A message from Father Nick 60
Dome of St Peter’s Basilica – (brittanica.com)
St Peter’s (3) “Why did you doubt?”
A memory comes back of Holy Saturday night in St Peter’s. As the congregation waits in darkness for a new year’s Easter Vigil to begin, the only sound is one of whispering – in every language of the world it seems. When the lights are illumined with dazzling force, everyone looks up, and a line of giant letters stands out in sudden clarity around the base of the enormous dome: “Tu es Petrus et super hanc petram…” “You are Peter, and on this rock…”
Far below the dome, at the foot of the altar, is the so-called “confession”, an open crypt which recalls Peter’s confession of faith and his ultimate acceptance of martyrdom. Bishops come here to pray when they make their visit to the pope (their ad limina: “to the threshold” of the apostles). And every pallium for the world’s metropolitan archbishops is left here for a time before being conferred.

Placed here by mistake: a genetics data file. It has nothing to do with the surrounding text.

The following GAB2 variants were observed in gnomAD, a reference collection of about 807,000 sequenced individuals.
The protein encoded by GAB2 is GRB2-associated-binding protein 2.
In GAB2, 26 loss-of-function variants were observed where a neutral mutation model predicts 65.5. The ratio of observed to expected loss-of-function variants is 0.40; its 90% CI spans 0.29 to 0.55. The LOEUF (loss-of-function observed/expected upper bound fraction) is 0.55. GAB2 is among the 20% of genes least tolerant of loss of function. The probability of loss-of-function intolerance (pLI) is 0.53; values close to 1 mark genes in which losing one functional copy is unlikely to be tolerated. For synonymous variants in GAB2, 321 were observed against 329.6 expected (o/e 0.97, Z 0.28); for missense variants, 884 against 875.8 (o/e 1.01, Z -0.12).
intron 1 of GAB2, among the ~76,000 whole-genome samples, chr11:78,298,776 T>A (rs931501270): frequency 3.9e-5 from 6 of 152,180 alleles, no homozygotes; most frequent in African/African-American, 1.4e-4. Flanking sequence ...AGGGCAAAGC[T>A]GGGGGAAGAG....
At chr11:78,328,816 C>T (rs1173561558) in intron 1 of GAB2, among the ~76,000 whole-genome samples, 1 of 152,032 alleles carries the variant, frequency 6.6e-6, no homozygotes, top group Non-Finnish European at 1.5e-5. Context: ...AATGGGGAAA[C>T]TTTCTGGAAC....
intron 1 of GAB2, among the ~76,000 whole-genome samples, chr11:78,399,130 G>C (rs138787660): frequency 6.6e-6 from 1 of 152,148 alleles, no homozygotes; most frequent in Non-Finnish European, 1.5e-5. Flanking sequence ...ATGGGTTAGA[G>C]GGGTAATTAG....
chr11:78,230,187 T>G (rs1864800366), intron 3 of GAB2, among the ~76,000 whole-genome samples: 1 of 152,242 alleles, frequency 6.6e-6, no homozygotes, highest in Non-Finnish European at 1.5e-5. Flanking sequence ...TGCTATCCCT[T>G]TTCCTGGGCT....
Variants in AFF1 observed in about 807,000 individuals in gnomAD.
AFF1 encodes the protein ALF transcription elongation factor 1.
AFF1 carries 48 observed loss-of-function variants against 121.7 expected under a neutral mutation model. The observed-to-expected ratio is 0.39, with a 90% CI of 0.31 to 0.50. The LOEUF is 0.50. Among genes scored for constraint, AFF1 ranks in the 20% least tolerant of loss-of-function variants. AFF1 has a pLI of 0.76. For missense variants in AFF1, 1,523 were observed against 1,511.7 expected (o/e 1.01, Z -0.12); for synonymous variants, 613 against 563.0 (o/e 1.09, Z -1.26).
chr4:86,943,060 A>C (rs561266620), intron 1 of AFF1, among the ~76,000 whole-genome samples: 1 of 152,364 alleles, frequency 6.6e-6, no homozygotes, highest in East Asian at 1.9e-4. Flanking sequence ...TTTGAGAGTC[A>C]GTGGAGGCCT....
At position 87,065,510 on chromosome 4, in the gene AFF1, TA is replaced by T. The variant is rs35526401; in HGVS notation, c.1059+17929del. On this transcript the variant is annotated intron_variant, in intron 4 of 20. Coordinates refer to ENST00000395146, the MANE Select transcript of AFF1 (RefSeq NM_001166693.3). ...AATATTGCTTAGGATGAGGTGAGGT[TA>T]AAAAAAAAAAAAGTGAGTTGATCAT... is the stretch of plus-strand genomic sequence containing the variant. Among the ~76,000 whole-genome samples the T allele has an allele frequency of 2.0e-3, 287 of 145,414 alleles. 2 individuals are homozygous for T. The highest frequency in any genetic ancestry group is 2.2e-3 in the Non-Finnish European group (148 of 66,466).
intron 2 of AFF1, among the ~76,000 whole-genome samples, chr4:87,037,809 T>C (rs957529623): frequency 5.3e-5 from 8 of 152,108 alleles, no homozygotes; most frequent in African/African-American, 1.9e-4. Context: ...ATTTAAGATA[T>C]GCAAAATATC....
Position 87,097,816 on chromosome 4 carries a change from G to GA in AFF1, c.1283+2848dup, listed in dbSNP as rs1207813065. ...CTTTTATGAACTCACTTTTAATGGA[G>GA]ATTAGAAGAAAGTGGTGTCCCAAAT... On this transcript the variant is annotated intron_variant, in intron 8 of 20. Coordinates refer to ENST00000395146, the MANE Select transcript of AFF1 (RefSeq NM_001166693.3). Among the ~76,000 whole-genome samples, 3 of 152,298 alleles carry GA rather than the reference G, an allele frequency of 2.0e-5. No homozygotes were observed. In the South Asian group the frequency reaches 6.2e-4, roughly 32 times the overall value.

Four great piers support the famous dome, each with a statue relating to the “relics” kept near Peter’s tomb: St Helen for part of the true cross; Veronica for her veil; the Centurion Longinus for the lance with which he pierced Christ’s side; and Andrew, Peter’s brother for a piece of his skull which has now been returned to Greece. Whether these relics are genuine or not, they remind us of the real cost of faith behind such opulence.
Bernini’s glory (visit-vaticancity.com)
There is a crowning glory to the scene. At the very end of the basilica, in a window of fine alabaster, the Holy Spirit as a dove shines through an avalanche of clouds and golden rays. Here architecture, sculpture, shafts of light, combine in baroque splendour. As the glory cascades into the basilica, it incorporates another symbol: St Peter’s “chair” – or “cathedra” (from which our word cathedral comes). Four great Fathers of the Church carry this great symbol (Ambrose and Augustine from the West; Athanasius and John Chrysostom from the East).
Pope Benedict XVI described the chair as “a symbol of the special mission of Peter and his successors to tend Christ’s flock, keeping it united in faith and charity.”
Gian Lorenzo Bernini produced this final great statement of the basilica’s art, and it seems somehow appropriate that his work too is the first impression many pilgrims have of St Peter’s. He designed the colonnades reaching out like an embrace on either side of the piazza. They are of course a sign of welcome – “the maternal arms of Mother Church.”.